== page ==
The COVID-19 crisis has created an entirely new and different world in which we all…
Hospice of Central Ohio is looking to mobilize an army of crafters who can sew face mask covers to help with the shortage of personal protective equipment (PPE) healthcare workers are facing throughout Ohio and the nation as they treat patients with COVID-19.
“Many crafters are reaching out and offering to make face mask covers,” said Amy LeVan, director of volunteer services at Ohio’s Hospice. “While our healthcare professionals are using their PPE equipment thoughtfully, these homemade face mask covers may help us extend our supply of PPE if shortages continue to be a challenge.”
Hospice of Central Ohio is accepting face mask covers from smoke-free and pet-free environments.
These face mask covers will be used as a last resort based on current guidance. According to the Centers for Disease Control and Prevention (CDC), healthcare providers can use homemade face masks when face masks are not available.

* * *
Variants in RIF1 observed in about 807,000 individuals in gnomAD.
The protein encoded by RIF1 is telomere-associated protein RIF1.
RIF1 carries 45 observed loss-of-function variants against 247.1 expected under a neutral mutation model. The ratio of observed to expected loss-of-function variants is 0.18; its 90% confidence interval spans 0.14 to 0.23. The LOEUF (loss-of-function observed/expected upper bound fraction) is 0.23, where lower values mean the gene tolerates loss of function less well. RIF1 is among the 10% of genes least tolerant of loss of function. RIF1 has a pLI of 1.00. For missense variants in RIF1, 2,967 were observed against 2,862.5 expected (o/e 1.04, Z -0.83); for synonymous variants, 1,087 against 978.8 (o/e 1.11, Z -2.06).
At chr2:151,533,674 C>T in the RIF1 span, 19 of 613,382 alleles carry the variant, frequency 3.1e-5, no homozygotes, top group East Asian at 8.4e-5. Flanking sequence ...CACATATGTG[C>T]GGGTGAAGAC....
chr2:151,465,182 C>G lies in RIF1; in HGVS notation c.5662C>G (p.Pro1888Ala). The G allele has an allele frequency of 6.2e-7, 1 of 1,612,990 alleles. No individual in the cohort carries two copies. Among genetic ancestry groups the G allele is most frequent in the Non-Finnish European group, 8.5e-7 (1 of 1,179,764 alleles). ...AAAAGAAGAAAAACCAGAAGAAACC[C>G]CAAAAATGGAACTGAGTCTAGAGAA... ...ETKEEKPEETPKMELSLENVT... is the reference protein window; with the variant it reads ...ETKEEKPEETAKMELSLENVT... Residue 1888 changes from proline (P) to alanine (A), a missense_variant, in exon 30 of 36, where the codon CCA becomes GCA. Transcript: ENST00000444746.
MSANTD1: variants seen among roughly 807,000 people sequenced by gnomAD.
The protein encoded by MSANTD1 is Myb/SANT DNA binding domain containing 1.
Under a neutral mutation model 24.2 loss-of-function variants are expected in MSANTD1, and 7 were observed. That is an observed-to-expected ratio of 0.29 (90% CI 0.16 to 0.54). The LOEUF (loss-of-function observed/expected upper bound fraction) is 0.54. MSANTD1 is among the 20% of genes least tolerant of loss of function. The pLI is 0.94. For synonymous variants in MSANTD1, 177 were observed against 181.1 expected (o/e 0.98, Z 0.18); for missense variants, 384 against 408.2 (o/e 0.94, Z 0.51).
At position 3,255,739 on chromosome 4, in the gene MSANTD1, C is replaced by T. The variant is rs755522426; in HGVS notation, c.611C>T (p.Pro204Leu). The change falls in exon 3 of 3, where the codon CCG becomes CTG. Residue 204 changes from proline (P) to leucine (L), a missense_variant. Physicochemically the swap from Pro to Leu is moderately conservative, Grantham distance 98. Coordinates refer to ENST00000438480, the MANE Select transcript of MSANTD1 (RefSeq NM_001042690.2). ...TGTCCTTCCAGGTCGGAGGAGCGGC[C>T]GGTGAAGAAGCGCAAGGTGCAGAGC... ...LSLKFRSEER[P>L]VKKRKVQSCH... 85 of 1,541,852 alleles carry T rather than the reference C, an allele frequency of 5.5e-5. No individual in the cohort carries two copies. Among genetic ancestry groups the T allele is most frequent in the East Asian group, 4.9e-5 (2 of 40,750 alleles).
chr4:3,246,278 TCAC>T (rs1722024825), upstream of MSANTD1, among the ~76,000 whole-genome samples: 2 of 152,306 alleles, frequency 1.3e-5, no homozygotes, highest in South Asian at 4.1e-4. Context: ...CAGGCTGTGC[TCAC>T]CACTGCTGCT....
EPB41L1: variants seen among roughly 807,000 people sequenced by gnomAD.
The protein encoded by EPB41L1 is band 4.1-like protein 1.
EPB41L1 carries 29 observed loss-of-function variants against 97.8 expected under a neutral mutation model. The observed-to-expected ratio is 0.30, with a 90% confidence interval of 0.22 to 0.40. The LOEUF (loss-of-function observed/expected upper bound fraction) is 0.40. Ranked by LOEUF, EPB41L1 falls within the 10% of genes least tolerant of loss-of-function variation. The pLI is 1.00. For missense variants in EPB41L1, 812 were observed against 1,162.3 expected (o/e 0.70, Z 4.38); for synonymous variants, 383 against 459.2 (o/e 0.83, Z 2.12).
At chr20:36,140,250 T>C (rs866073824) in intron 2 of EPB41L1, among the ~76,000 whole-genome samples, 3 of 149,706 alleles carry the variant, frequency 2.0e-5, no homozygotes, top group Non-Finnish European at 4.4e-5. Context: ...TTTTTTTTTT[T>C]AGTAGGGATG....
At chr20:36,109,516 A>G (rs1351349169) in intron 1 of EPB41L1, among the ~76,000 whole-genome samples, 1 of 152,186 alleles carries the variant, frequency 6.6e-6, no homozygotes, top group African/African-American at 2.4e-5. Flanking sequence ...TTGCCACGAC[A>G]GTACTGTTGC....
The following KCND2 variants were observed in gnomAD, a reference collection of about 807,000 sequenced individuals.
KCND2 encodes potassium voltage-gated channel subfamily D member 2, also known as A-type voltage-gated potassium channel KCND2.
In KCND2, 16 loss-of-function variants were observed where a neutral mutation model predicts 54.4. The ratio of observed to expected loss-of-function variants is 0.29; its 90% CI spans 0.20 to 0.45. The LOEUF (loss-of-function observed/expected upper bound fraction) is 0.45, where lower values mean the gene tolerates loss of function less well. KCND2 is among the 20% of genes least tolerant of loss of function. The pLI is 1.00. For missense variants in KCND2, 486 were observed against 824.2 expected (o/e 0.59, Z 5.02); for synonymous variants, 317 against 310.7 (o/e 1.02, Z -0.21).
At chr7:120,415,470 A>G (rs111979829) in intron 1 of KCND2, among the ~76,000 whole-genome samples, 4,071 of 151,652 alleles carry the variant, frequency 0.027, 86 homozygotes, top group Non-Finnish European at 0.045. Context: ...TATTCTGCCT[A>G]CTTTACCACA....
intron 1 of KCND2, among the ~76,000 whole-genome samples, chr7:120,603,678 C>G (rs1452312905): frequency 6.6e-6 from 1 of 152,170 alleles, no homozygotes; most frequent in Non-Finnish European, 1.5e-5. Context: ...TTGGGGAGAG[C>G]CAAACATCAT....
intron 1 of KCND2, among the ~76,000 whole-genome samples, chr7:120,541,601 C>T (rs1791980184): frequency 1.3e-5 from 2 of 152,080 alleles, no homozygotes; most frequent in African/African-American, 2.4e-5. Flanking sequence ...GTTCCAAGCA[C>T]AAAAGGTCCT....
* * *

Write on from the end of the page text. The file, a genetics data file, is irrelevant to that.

However, the CDC states that homemade face masks are not considered PPE, since their capability to protect healthcare providers is unknown. The homemade face masks should be used in combination with a face shield that covers the entire front, extending to the chin or below, and the sides of the face. Click here for the most current information about cloth masks from the CDC.
The pattern is available online here. If crafters have any questions, please contact Liz Adamshick, manager of volunteer services at Hospice of Central Ohio, at 740.788.1404.
Crafters may drop off their completed face mask covers in a bin at the main entrance of Hospice of Central Ohio (2269 Cherry Valley Rd., Newark, OH 43055).
Hospice of Central Ohio, an affiliate of Ohio’s Hospice, has provided a holistic, community-based approach to hospice care since 1982. With locations in Newark, Columbus, Lancaster and Zanesville, the not-for-profit organization serves nine counties in central Ohio and is dedicated to supporting the physical, emotional and spiritual needs of patients and families facing life-limiting illnesses. In addition, two inpatient care centers at Licking Memorial Hospital and The Ohio State University Wexner Medical Center are available for symptom management.